Our town and city centres are about to undergo a revolution – are you ready for it?
From 20-minute neighbourhoods, greener mixed-use living offers and vacant office and retail space, Nick Atkin explores how the housing sector should be responding to major societal changes accelerated by the pandemic
In my last piece for Inside Housing, I advocated the use of the Martini Principle (work anytime, anyplace, anywhere) and the opportunities for transforming both the customer service and employer offer.
It’s clear that all of us are now thinking and working very differently to how things were in the BC (Before COVID-19) housing world.
The pandemic has been a catalyst to fast-forward changes that many of us had already been contemplating. There has been a shift in mindset of how we could better use technology in our homes to improve the customer experience, reduce costs and free up resource for where it’s really needed. This represents the foundation to building the future and overhauling our customer service offer.
Aided by technology, these changes cut across all aspects of the housing service; from accessing services 24/7, 365 days a year, right through to the when, where and how these are delivered in customers’ homes. Let me be clear, the changes aren’t about using technology for its own sake or as part of a vanity project.
As well as the positive impact on customer experience and cost, it also links to reducing our carbon footprint. When you consider that 31% of all UK CO2 emissions come from domestic properties and that one in every six homes is rented from a housing association or council, then we clearly have a significant role to play.
Along with the way we build, heat and maintain our homes, there is also an opportunity to rethink the whole design and living space concept. The unstoppable momentum for remote working means we have to rethink what homes of the future should be like.
We also know that our town and city centres are about to undergo a revolution.
For many retailers the high street will no longer be their main shop window or indeed for some their doors will never reopen. There is then the potential double whammy as a glut of vacant office space appears and businesses either downsize or shift to a more local hub-type approach.
This presents a real opportunity to provide a housing solution to make better use of these spaces. But this shouldn’t be through a race to the bottom by taking advantage of relaxed planning rules through permitted development rights. We’re much better than that.
We can offer a vision of the buildings we want to see in Britain’s cities and towns. There is a real opportunity to completely change how we live and use town and city spaces, through a greener mixed-use home/work living offer that also places an emphasis on more outside space.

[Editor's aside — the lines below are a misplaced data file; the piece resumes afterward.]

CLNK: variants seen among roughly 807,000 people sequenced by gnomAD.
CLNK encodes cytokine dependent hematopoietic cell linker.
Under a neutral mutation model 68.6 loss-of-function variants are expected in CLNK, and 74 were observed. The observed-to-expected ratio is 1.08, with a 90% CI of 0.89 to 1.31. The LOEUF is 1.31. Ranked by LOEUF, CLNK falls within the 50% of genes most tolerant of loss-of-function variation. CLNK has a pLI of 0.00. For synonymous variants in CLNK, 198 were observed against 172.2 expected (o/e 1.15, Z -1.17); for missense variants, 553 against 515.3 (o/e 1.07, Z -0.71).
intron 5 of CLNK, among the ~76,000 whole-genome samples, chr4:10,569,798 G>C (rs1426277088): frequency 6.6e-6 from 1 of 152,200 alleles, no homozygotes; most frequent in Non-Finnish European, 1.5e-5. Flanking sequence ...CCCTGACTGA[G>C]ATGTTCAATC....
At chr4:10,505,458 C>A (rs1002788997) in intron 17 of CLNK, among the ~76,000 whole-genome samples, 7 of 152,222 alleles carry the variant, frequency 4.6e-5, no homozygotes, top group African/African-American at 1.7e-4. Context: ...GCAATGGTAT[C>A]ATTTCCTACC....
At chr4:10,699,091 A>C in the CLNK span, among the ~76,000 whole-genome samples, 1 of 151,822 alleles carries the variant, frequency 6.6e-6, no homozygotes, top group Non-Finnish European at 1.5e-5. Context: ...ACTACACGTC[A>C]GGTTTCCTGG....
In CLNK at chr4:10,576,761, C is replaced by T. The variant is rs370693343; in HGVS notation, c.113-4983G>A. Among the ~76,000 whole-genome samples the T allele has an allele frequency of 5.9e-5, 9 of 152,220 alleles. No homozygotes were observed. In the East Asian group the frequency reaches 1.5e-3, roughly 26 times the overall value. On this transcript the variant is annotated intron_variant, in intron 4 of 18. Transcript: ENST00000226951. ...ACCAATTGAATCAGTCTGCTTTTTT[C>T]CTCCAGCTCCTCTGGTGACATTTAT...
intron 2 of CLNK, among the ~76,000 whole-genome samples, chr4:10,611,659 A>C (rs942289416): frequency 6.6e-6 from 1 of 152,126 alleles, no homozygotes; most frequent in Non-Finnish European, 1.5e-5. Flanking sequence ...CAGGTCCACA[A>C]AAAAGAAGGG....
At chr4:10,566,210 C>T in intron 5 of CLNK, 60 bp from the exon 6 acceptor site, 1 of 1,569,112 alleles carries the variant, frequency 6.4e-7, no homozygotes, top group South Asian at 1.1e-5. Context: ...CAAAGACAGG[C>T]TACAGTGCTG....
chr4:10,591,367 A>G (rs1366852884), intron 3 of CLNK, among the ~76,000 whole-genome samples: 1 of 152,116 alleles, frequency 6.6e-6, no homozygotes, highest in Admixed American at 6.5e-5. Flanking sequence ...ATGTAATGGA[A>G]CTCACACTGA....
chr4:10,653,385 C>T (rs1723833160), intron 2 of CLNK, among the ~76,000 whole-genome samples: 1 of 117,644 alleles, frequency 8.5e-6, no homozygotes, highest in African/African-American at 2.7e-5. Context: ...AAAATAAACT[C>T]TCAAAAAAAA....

This could be linked to a change in how we all live and work, through the creation of 20-minute neighbourhoods where most things you need are within a walkable radius.
For our customers this offers a real shift in what we can offer. For those who will be working from home there’s a clear need for more space. For lower-income households the existing policy framework actively works against this. The deductions made from benefits as a result of ‘excess space’ puts people at an instant disadvantage if their job requires them to be home-based for some or all of the time. This needs to change.
Our response to the pandemic is something we should be proud of. We’ve taken the first steps on the journey to a more agile business that can keep services running throughout a pandemic. But we can’t rest on our laurels – this is our moment. We need to create an environment which helps people adapt to the changes ahead and succeed.
As a sector we are needed more than ever before to support those who have been hit the hardest by this pandemic. We need to brace for the economic fallout we know will hit once the temporary measures in place have been removed.
If ever there was a time to be bold, to be brave, to build, to put our heart on our sleeve and aim to grow and do more with what we’ve got, this is it. The need for social housing is greater now than at any time since the last major challenge our country faced – the end of World War II.
As a sector what’s our vision for the future? We know that housing has a huge role to play in driving the economic recovery of the UK. We need to lead the way on this and support the government, devolved regions and policymakers by bringing our solutions to the top of their to-do lists.
Nick Atkin, chief executive, Yorkshire Housing
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